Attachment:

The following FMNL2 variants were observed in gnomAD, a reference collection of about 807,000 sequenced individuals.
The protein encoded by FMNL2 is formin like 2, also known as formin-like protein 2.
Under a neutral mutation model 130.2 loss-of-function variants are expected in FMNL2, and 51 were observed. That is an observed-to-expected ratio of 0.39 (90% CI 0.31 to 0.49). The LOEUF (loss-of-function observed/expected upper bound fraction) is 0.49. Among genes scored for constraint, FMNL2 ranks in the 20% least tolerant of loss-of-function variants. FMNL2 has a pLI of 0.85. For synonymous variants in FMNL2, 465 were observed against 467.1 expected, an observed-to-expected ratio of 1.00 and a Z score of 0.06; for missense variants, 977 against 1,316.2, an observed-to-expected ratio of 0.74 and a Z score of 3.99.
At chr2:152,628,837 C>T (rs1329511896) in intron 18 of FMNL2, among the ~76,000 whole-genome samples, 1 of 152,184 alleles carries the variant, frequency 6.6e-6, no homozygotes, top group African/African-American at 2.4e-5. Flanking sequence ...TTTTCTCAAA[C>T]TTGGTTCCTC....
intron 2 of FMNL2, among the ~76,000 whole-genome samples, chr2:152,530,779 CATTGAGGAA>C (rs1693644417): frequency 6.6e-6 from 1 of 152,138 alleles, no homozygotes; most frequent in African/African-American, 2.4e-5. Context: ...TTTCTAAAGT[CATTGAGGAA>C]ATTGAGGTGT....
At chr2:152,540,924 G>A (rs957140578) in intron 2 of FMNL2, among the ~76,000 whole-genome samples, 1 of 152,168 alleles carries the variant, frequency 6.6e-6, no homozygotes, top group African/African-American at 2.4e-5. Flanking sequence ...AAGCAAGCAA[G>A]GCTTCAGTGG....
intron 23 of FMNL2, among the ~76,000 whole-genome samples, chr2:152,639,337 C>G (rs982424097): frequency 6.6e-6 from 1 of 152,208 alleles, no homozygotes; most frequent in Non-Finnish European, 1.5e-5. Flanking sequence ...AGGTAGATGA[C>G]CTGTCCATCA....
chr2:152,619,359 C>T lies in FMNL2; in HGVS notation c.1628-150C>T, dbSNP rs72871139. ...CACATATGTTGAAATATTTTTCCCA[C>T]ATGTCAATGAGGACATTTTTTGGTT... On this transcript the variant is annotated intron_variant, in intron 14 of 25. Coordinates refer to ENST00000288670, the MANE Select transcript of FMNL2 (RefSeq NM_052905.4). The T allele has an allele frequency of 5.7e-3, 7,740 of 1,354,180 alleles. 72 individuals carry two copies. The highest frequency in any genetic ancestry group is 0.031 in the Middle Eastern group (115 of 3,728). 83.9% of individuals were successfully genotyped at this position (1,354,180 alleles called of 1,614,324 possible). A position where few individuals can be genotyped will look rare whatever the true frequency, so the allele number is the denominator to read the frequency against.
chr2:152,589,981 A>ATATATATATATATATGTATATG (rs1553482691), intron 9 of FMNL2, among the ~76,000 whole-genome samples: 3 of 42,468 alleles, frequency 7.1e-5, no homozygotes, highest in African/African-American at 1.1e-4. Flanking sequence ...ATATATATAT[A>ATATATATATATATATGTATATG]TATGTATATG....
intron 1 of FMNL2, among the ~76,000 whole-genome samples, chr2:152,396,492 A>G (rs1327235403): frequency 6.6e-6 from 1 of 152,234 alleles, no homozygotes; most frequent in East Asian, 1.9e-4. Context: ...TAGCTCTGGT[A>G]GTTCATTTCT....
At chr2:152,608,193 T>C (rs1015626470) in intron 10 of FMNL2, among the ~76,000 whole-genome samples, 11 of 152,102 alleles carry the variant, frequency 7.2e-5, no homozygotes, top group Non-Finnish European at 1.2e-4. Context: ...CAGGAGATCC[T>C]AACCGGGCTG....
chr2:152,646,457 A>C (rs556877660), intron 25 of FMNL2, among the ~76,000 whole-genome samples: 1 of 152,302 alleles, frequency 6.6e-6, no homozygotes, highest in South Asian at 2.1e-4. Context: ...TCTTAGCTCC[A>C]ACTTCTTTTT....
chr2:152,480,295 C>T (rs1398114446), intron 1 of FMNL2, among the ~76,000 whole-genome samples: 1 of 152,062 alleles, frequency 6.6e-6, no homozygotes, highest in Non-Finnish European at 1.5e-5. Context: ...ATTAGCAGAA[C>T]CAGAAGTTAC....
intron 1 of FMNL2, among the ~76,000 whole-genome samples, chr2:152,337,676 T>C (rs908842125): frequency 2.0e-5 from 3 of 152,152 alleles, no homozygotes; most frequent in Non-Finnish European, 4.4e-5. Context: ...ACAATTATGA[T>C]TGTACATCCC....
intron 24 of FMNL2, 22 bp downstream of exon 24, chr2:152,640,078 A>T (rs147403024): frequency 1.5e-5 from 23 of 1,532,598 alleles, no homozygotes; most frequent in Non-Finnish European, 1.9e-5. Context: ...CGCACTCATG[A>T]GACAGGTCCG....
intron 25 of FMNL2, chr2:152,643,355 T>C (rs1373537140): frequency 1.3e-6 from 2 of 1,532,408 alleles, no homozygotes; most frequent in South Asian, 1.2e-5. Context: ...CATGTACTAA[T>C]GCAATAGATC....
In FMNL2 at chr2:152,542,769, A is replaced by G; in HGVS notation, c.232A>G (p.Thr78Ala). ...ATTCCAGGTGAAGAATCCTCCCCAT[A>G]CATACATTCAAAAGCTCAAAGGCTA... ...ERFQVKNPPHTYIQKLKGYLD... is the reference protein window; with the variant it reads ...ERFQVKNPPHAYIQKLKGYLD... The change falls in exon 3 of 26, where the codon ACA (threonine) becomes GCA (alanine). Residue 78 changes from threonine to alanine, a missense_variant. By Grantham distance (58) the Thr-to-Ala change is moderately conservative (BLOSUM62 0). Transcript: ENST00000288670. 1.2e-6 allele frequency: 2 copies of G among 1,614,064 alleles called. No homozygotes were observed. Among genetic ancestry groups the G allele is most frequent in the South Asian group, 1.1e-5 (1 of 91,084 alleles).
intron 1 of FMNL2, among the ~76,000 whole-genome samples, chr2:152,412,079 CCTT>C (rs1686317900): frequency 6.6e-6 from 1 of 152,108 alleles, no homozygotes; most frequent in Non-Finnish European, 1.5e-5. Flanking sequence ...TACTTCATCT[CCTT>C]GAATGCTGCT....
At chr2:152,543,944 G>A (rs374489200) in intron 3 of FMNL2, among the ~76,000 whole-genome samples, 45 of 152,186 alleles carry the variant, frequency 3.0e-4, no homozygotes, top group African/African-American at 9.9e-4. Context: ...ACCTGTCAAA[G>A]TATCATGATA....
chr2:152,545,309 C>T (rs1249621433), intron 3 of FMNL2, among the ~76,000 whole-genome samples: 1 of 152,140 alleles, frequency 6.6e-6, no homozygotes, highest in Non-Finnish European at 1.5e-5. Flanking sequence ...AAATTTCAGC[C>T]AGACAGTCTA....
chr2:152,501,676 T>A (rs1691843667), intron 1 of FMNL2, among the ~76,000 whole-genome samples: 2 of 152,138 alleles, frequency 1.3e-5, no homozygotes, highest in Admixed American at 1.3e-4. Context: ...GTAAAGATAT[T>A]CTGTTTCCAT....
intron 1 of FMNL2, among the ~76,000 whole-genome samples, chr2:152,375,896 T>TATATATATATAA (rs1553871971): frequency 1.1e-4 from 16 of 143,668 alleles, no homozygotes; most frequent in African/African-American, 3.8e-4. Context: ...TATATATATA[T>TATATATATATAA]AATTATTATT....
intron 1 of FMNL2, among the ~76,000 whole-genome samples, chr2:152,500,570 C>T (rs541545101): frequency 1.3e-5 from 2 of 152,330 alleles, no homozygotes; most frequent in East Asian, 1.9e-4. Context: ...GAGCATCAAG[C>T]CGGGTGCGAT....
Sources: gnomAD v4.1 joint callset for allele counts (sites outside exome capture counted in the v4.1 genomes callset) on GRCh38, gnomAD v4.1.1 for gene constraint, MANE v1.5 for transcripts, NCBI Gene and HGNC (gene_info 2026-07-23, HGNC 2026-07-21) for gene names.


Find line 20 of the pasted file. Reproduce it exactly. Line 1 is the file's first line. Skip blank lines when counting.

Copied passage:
chr2:152,545,309 C>T (rs1249621433), intron 3 of FMNL2, among the ~76,000 whole-genome samples: 1 of 152,140 alleles, frequency 6.6e-6, no homozygotes, highest in Non-Finnish European at 1.5e-5. Flanking sequence ...AAATTTCAGC[C>T]AGACAGTCTA....